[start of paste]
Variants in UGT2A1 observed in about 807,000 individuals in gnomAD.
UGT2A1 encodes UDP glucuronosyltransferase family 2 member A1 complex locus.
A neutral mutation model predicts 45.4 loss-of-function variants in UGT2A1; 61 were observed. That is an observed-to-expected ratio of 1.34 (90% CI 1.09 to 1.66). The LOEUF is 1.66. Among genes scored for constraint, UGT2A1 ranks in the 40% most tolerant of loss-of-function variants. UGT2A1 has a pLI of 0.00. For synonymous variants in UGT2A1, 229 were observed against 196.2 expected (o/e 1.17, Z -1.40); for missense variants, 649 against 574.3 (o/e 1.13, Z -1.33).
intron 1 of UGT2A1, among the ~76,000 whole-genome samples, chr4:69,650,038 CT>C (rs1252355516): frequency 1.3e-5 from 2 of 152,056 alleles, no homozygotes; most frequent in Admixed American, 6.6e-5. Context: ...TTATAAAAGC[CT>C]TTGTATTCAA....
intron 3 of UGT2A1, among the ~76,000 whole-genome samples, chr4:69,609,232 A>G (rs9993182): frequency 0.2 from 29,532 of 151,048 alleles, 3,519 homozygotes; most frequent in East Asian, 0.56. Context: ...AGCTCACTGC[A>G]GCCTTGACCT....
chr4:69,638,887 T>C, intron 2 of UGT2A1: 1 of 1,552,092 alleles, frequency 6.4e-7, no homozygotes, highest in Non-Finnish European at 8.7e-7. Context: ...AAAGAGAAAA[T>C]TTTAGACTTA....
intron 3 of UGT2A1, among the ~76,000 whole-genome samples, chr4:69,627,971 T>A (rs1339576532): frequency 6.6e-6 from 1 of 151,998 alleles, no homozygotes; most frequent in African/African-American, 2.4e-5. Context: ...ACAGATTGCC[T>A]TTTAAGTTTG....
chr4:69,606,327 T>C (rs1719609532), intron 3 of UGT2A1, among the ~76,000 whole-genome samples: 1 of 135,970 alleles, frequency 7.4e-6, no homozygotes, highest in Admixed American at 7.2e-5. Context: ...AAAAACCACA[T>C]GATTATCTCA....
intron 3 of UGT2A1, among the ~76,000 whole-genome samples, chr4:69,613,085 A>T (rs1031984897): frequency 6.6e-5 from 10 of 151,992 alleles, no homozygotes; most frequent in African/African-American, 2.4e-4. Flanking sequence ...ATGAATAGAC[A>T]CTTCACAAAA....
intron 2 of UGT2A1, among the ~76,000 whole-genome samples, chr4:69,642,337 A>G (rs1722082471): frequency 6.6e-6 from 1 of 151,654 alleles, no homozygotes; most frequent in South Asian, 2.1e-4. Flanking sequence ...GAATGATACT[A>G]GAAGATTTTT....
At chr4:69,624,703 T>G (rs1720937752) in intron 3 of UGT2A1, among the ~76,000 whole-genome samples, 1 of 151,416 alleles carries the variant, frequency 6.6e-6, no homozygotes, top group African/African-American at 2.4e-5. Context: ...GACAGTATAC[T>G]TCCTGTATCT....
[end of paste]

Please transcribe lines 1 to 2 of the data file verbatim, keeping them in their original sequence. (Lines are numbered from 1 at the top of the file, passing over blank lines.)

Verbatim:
Variants in UGT2A1 observed in about 807,000 individuals in gnomAD.
UGT2A1 encodes UDP glucuronosyltransferase family 2 member A1 complex locus.